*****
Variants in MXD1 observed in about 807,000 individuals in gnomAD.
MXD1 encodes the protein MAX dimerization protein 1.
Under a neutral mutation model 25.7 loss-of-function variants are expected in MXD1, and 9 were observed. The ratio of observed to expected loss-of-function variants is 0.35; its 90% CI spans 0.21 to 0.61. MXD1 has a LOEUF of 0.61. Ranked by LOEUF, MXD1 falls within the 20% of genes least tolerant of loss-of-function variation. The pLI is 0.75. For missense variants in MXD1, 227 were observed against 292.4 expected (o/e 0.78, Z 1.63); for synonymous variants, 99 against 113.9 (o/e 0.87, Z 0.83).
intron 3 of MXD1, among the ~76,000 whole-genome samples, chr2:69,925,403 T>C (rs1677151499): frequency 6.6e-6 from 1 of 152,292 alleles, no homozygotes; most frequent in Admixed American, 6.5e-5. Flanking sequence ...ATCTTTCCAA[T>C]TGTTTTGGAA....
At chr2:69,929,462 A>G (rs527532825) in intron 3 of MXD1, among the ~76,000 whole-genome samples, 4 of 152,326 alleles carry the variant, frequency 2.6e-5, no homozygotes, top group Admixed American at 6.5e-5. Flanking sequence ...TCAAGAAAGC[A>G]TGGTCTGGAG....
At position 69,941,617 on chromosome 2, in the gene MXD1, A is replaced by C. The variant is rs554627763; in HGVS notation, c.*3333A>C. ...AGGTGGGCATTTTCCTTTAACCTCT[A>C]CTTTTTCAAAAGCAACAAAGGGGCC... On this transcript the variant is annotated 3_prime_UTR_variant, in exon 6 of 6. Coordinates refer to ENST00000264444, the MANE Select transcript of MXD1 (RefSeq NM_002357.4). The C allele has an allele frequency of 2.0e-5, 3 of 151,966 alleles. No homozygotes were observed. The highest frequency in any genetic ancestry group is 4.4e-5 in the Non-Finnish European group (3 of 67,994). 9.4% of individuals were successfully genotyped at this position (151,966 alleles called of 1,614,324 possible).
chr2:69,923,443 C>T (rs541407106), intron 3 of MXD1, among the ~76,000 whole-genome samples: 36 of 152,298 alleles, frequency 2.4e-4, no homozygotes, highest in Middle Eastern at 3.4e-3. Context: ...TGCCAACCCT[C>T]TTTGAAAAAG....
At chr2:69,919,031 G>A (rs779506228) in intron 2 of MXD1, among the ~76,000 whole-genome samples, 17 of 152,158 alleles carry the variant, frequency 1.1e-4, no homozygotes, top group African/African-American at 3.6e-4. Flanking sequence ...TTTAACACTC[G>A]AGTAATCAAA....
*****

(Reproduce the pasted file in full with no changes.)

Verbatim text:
Variants in MXD1 observed in about 807,000 individuals in gnomAD.
MXD1 encodes the protein MAX dimerization protein 1.
Under a neutral mutation model 25.7 loss-of-function variants are expected in MXD1, and 9 were observed. The ratio of observed to expected loss-of-function variants is 0.35; its 90% CI spans 0.21 to 0.61. MXD1 has a LOEUF of 0.61. Ranked by LOEUF, MXD1 falls within the 20% of genes least tolerant of loss-of-function variation. The pLI is 0.75. For missense variants in MXD1, 227 were observed against 292.4 expected (o/e 0.78, Z 1.63); for synonymous variants, 99 against 113.9 (o/e 0.87, Z 0.83).
intron 3 of MXD1, among the ~76,000 whole-genome samples, chr2:69,925,403 T>C (rs1677151499): frequency 6.6e-6 from 1 of 152,292 alleles, no homozygotes; most frequent in Admixed American, 6.5e-5. Flanking sequence ...ATCTTTCCAA[T>C]TGTTTTGGAA....
At chr2:69,929,462 A>G (rs527532825) in intron 3 of MXD1, among the ~76,000 whole-genome samples, 4 of 152,326 alleles carry the variant, frequency 2.6e-5, no homozygotes, top group Admixed American at 6.5e-5. Flanking sequence ...TCAAGAAAGC[A>G]TGGTCTGGAG....
At position 69,941,617 on chromosome 2, in the gene MXD1, A is replaced by C. The variant is rs554627763; in HGVS notation, c.*3333A>C. ...AGGTGGGCATTTTCCTTTAACCTCT[A>C]CTTTTTCAAAAGCAACAAAGGGGCC... On this transcript the variant is annotated 3_prime_UTR_variant, in exon 6 of 6. Coordinates refer to ENST00000264444, the MANE Select transcript of MXD1 (RefSeq NM_002357.4). The C allele has an allele frequency of 2.0e-5, 3 of 151,966 alleles. No homozygotes were observed. The highest frequency in any genetic ancestry group is 4.4e-5 in the Non-Finnish European group (3 of 67,994). 9.4% of individuals were successfully genotyped at this position (151,966 alleles called of 1,614,324 possible).
chr2:69,923,443 C>T (rs541407106), intron 3 of MXD1, among the ~76,000 whole-genome samples: 36 of 152,298 alleles, frequency 2.4e-4, no homozygotes, highest in Middle Eastern at 3.4e-3. Context: ...TGCCAACCCT[C>T]TTTGAAAAAG....
At chr2:69,919,031 G>A (rs779506228) in intron 2 of MXD1, among the ~76,000 whole-genome samples, 17 of 152,158 alleles carry the variant, frequency 1.1e-4, no homozygotes, top group African/African-American at 3.6e-4. Flanking sequence ...TTTAACACTC[G>A]AGTAATCAAA....